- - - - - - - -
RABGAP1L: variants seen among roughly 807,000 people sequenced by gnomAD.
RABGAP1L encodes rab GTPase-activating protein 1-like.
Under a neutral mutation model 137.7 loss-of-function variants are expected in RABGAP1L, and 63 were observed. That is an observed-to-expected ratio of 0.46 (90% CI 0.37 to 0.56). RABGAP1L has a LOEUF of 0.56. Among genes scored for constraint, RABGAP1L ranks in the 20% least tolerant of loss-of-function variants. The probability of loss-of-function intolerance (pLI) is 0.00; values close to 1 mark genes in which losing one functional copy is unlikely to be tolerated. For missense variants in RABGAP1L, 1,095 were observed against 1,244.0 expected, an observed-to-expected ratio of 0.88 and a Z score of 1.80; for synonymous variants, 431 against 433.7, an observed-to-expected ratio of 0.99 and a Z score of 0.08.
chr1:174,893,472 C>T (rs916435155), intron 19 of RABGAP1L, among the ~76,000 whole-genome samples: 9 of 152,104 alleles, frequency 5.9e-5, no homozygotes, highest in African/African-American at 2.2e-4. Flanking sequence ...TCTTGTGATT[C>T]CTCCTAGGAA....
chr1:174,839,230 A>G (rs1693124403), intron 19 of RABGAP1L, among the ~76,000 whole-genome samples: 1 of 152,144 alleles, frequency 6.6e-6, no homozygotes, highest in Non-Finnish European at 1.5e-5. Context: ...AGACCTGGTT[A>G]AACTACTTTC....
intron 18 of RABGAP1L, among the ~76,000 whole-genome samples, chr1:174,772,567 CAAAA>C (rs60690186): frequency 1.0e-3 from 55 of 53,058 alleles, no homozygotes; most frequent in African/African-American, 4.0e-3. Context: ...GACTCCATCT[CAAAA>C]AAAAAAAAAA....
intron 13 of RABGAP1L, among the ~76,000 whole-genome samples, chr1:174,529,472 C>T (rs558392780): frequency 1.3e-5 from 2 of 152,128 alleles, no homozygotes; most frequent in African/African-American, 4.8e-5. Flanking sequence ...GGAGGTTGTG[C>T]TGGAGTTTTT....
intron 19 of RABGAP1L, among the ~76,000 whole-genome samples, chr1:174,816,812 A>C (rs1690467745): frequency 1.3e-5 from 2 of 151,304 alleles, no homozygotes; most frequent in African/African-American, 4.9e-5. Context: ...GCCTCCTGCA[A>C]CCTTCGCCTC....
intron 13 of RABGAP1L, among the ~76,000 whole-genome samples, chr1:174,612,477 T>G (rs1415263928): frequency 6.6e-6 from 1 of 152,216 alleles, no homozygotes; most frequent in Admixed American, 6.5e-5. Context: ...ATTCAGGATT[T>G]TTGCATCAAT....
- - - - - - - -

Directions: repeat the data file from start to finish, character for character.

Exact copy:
RABGAP1L: variants seen among roughly 807,000 people sequenced by gnomAD.
RABGAP1L encodes rab GTPase-activating protein 1-like.
Under a neutral mutation model 137.7 loss-of-function variants are expected in RABGAP1L, and 63 were observed. That is an observed-to-expected ratio of 0.46 (90% CI 0.37 to 0.56). RABGAP1L has a LOEUF of 0.56. Among genes scored for constraint, RABGAP1L ranks in the 20% least tolerant of loss-of-function variants. The probability of loss-of-function intolerance (pLI) is 0.00; values close to 1 mark genes in which losing one functional copy is unlikely to be tolerated. For missense variants in RABGAP1L, 1,095 were observed against 1,244.0 expected, an observed-to-expected ratio of 0.88 and a Z score of 1.80; for synonymous variants, 431 against 433.7, an observed-to-expected ratio of 0.99 and a Z score of 0.08.
chr1:174,893,472 C>T (rs916435155), intron 19 of RABGAP1L, among the ~76,000 whole-genome samples: 9 of 152,104 alleles, frequency 5.9e-5, no homozygotes, highest in African/African-American at 2.2e-4. Flanking sequence ...TCTTGTGATT[C>T]CTCCTAGGAA....
chr1:174,839,230 A>G (rs1693124403), intron 19 of RABGAP1L, among the ~76,000 whole-genome samples: 1 of 152,144 alleles, frequency 6.6e-6, no homozygotes, highest in Non-Finnish European at 1.5e-5. Context: ...AGACCTGGTT[A>G]AACTACTTTC....
intron 18 of RABGAP1L, among the ~76,000 whole-genome samples, chr1:174,772,567 CAAAA>C (rs60690186): frequency 1.0e-3 from 55 of 53,058 alleles, no homozygotes; most frequent in African/African-American, 4.0e-3. Context: ...GACTCCATCT[CAAAA>C]AAAAAAAAAA....
intron 13 of RABGAP1L, among the ~76,000 whole-genome samples, chr1:174,529,472 C>T (rs558392780): frequency 1.3e-5 from 2 of 152,128 alleles, no homozygotes; most frequent in African/African-American, 4.8e-5. Flanking sequence ...GGAGGTTGTG[C>T]TGGAGTTTTT....
intron 19 of RABGAP1L, among the ~76,000 whole-genome samples, chr1:174,816,812 A>C (rs1690467745): frequency 1.3e-5 from 2 of 151,304 alleles, no homozygotes; most frequent in African/African-American, 4.9e-5. Context: ...GCCTCCTGCA[A>C]CCTTCGCCTC....
intron 13 of RABGAP1L, among the ~76,000 whole-genome samples, chr1:174,612,477 T>G (rs1415263928): frequency 6.6e-6 from 1 of 152,216 alleles, no homozygotes; most frequent in Admixed American, 6.5e-5. Context: ...ATTCAGGATT[T>G]TTGCATCAAT....